Develop And Maintain Good Running Habits
Running has become an extremely popular form of exercise, with more than 64 million people going running in 2016. Running is an excellent way to get both cardio and fat burning exercise, both because it’s relatively simple, but also relatively inexpensive. For the price of a mid-level pair of running shoes (and some comfy socks and running clothes), a runner can get a full year’s worth of exercise for about the price of a gym membership.
Whether you’re new the sport or an old pro, running can be hard on the body, particularly the feet, legs, knees, and back. That’s why it’s essential to develop and maintain good running habits that will ultimately keep you healthy. After all, a simple injury can keep you off the road or running trail for months, wiping away any progress you may have made.
Let’s take a look at a few running essentials to ensure you stay healthy and on your feet.
Set Goals…And Expectations
The first step to develop healthy running habits isn’t to run, but to set goals for yourself. This can both be distance goals as well as time goals, and the key is to have both long and short-term goals. It’s important to be realistic here, both in terms of what you can accomplish and the amount of time you need to accomplish it. For example, if you’ve never run before, it’s unrealistic to think you can work up to a full marathon in just a couple of weeks. However, setting a goal of, say, running a 5k in a couple of months is totally reasonable. Just remember that improving your performance is about achieving small, incremental improvements.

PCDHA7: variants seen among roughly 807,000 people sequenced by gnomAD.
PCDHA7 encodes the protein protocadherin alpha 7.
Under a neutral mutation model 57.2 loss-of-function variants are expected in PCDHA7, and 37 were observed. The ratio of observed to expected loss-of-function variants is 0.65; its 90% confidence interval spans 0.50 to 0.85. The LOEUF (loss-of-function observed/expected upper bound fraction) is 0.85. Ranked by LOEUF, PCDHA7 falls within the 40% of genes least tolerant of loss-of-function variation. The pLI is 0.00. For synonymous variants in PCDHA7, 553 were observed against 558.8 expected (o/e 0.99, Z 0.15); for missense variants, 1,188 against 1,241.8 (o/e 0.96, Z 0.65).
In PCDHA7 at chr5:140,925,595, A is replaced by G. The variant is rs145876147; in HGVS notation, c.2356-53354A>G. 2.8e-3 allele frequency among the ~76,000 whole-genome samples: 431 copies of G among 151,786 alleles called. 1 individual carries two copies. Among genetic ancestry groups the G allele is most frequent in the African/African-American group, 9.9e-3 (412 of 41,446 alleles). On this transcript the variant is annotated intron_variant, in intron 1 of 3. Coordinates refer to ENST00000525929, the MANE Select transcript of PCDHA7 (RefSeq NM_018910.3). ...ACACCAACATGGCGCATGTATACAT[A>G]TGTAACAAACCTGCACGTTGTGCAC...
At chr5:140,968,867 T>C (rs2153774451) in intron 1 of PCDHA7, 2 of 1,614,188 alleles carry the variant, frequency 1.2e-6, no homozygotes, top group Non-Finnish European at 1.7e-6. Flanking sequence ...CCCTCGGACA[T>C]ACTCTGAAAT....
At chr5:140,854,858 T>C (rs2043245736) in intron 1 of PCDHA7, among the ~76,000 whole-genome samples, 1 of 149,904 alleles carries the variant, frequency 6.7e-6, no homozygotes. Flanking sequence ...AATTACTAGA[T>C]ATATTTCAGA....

Don’t Stretch. Warm Up.
It’s a common misconception that runners need to stretch before starting their run. This is actually incorrect. Stretching can actually stress your muscles and ligaments, decreasing your performance. Instead, warming up is the key to building endurance and speed, while avoiding injury. Warming up raises your body temperature and heart rate, and increases blood flow, which will help you avoid cramping up. A good warm up routine should include a short, but brisk walk, as well as a handful of calisthenic exercises, including lunges, squats, lateral shuffles, leg swings, among others.
Don’t Forget Recovery
One thing many novice runners overlook is the recovery period after a run. This is a crucial time for your body to return to its normal state, but if you don’t practice good recovery techniques you could be setting yourself up for a serious injury. This should include ensuring you properly hydrate after a run, having a light post-run snack such as yogurt, a banana, or peanut butter on whole wheat toast. It’s also a good idea to stretch after your run, and if your legs are sore consider applying ice packs before you rest.
Want more tips for improving your run?
Please call Pain and Spine Specialists in Maryland at 301.703.8767, or 724-603-3560 in Pennsylvania to schedule a consultation or use the contact form on our website to send us a message.